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Goal Setting and Monetary Incentives: When Large Stakes Are Not Enough

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  • Joaquín Gómez-Miñambres

    ()
    (Economic Science Institute, Chapman University)

  • Brice Corgnet

    ()
    (Argyros School of Business and Economics, Chapman University)

  • Roberto Hernán González

    (Universidad de Granada, Department of Economic Theory and Economic History)

Abstract

The aim of this paper is to test the effectiveness of wage-irrelevant goal setting policies in a laboratory environment. In our design, managers can assign a goal to their workers by setting a certain level of performance on the work task. To establish our theoretical conjectures we develop a model where assigned goals act as reference points to workers’ intrinsic motivation, creating a sense of gain when attained and a sense of loss when not attained. Consistent with our theoretical framework, we find evidence that managers set goals that are challenging but attainable for an average-ability worker. Workers respond to these goals by increasing effort, performance and by decreasing on-the-job leisure activities with respect to the no-goal setting baseline. We study the interaction between goal setting and monetary rewards by considering different values for the monetary incentives involved in completing the task. Interestingly, we find that goal setting is especially effective when monetary incentives are strong. These results suggest that goal setting may foster workers’ intrinsic motivation and increase their level of performance beyond what is achieved using solely monetary incentives.

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File URL: http://www.chapman.edu/research-and-institutions/economic-science-institute/_files/WorkingPapers/minambres-corgnet-gonzalez-goal-setting-and-monetary-incentives.pdf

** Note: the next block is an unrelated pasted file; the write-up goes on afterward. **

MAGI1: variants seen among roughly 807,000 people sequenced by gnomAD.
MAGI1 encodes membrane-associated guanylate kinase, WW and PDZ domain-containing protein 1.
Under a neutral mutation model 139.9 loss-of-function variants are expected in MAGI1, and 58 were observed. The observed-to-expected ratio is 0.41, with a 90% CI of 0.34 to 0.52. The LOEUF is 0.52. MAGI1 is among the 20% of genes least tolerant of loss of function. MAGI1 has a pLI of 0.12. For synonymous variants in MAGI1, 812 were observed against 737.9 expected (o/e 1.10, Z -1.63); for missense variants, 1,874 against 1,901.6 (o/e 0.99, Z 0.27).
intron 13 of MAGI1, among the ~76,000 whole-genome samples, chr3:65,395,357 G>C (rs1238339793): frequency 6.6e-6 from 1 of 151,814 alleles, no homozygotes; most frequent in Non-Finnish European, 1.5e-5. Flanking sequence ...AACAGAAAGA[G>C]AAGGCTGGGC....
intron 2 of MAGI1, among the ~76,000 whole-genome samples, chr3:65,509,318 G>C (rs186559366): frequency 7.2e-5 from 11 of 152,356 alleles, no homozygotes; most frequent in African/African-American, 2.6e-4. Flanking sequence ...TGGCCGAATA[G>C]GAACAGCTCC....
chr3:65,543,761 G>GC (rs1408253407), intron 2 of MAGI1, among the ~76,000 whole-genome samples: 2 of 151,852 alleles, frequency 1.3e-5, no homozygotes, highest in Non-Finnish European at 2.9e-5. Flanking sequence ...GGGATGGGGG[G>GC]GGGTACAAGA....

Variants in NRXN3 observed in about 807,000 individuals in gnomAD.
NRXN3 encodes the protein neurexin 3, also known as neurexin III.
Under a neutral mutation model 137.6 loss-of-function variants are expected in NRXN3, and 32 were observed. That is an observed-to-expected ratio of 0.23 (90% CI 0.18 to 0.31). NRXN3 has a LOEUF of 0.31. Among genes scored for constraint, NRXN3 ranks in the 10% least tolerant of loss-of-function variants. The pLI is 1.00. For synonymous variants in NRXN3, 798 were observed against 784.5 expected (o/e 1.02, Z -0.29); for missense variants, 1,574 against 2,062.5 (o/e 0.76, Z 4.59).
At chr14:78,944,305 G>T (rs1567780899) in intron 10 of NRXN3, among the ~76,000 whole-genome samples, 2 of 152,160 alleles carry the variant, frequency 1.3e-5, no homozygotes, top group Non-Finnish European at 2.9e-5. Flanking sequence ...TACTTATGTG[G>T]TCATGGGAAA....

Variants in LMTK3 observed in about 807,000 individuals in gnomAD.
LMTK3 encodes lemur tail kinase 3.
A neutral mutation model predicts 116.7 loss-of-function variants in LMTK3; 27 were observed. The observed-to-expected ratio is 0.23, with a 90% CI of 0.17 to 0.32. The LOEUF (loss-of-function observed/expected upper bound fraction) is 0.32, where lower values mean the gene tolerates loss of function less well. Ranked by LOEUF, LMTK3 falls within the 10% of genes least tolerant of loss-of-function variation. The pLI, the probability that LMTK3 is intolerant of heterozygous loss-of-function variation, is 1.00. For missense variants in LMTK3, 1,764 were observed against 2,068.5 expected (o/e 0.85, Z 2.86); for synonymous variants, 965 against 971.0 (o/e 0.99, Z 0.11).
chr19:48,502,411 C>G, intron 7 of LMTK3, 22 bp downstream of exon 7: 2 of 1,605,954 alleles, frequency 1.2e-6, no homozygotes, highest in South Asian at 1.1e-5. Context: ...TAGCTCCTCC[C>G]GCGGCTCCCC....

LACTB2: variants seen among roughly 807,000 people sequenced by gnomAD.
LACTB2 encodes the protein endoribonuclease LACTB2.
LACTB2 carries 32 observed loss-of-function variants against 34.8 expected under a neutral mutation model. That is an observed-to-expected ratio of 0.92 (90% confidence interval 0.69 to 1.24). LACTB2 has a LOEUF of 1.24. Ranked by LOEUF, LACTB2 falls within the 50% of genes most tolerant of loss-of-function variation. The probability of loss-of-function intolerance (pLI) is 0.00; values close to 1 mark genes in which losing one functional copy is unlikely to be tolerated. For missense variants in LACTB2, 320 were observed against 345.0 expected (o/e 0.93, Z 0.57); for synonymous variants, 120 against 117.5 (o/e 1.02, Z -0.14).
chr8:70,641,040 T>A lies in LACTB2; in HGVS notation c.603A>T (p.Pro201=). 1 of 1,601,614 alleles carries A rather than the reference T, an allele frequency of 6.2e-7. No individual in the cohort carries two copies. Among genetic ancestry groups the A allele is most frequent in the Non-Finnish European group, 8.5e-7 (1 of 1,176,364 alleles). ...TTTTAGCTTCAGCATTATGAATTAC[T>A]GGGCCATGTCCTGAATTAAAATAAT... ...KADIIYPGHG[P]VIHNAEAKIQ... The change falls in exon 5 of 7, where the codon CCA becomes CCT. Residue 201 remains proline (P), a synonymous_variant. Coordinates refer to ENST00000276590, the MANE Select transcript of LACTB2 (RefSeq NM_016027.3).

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Bibliographic Info

Paper provided by Chapman University, Economic Science Institute in its series Working Papers with number 12-24.

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Length: 61 pages
Date of creation: 2012
Date of revision:
Handle: RePEc:chu:wpaper:12-24

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Related research

Keywords: Intrinsic motivation; incentives; goal-setting; reference dependent preferences; virtual organizations.;

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  1. Kevin Murdock, 2002. "Intrinsic Motivation and Optimal Incentive Contracts," RAND Journal of Economics, The RAND Corporation, vol. 33(4), pages 650-671, Winter.
  2. Pokorny, Kathrin, 2008. "Pay--but do not pay too much: An experimental study on the impact of incentives," Journal of Economic Behavior & Organization, Elsevier, vol. 66(2), pages 251-264, May.
  3. Dickinson, David L, 1999. "An Experimental Examination of Labor Supply and Work Intensities," Journal of Labor Economics, University of Chicago Press, vol. 17(4), pages 638-70, October.
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  5. Brice Corgnet & Roberto Hernán-González & Stephen Rassenti, 2011. "Real Effort, Real Leisure and Real-time Supervision: Incentives and Peer Pressure in Virtual Organizations," Working Papers 11-05, Chapman University, Economic Science Institute.
  6. Patrick Bolton & Mathias Dewatripont, 2005. "Contract Theory," MIT Press Books, The MIT Press, edition 1, volume 1, number 0262025760.
  7. Georg Kirchsteiger & Ernst Fehr & Simon Gächter, 1997. "Reciprocity as a contract enforcement device: experimental evidence," ULB Institutional Repository 2013/5911, ULB -- Universite Libre de Bruxelles.
  8. Gneezy, U. & Rustichini, A., 1998. "Pay Enough - Or Don't Pay at All," Discussion Paper 1998-57, Tilburg University, Center for Economic Research.
  9. Georg Kirchsteiger & Ernst Fehr & Arno Riedl, 1993. "Does Fairness Prevent Market Clearing? An Experimental Investigation," ULB Institutional Repository 2013/5927, ULB -- Universite Libre de Bruxelles.
  10. Frey, Bruno S & Jegen, Reto, 2001. " Motivation Crowding Theory," Journal of Economic Surveys, Wiley Blackwell, vol. 15(5), pages 589-611, December.
  11. Roland Bénabou & Jean Tirole, 2003. "Intrinsic and Extrinsic Motivation," Review of Economic Studies, Oxford University Press, vol. 70(3), pages 489-520.
  12. Kahneman, Daniel & Tversky, Amos, 1979. "Prospect Theory: An Analysis of Decision under Risk," Econometrica, Econometric Society, vol. 47(2), pages 263-91, March.
  13. Uri Gneezy & Stephan Meier & Pedro Rey-Biel, 2011. "When and Why Incentives (Don't) Work to Modify Behavior," Journal of Economic Perspectives, American Economic Association, vol. 25(4), pages 191-210, Fall.
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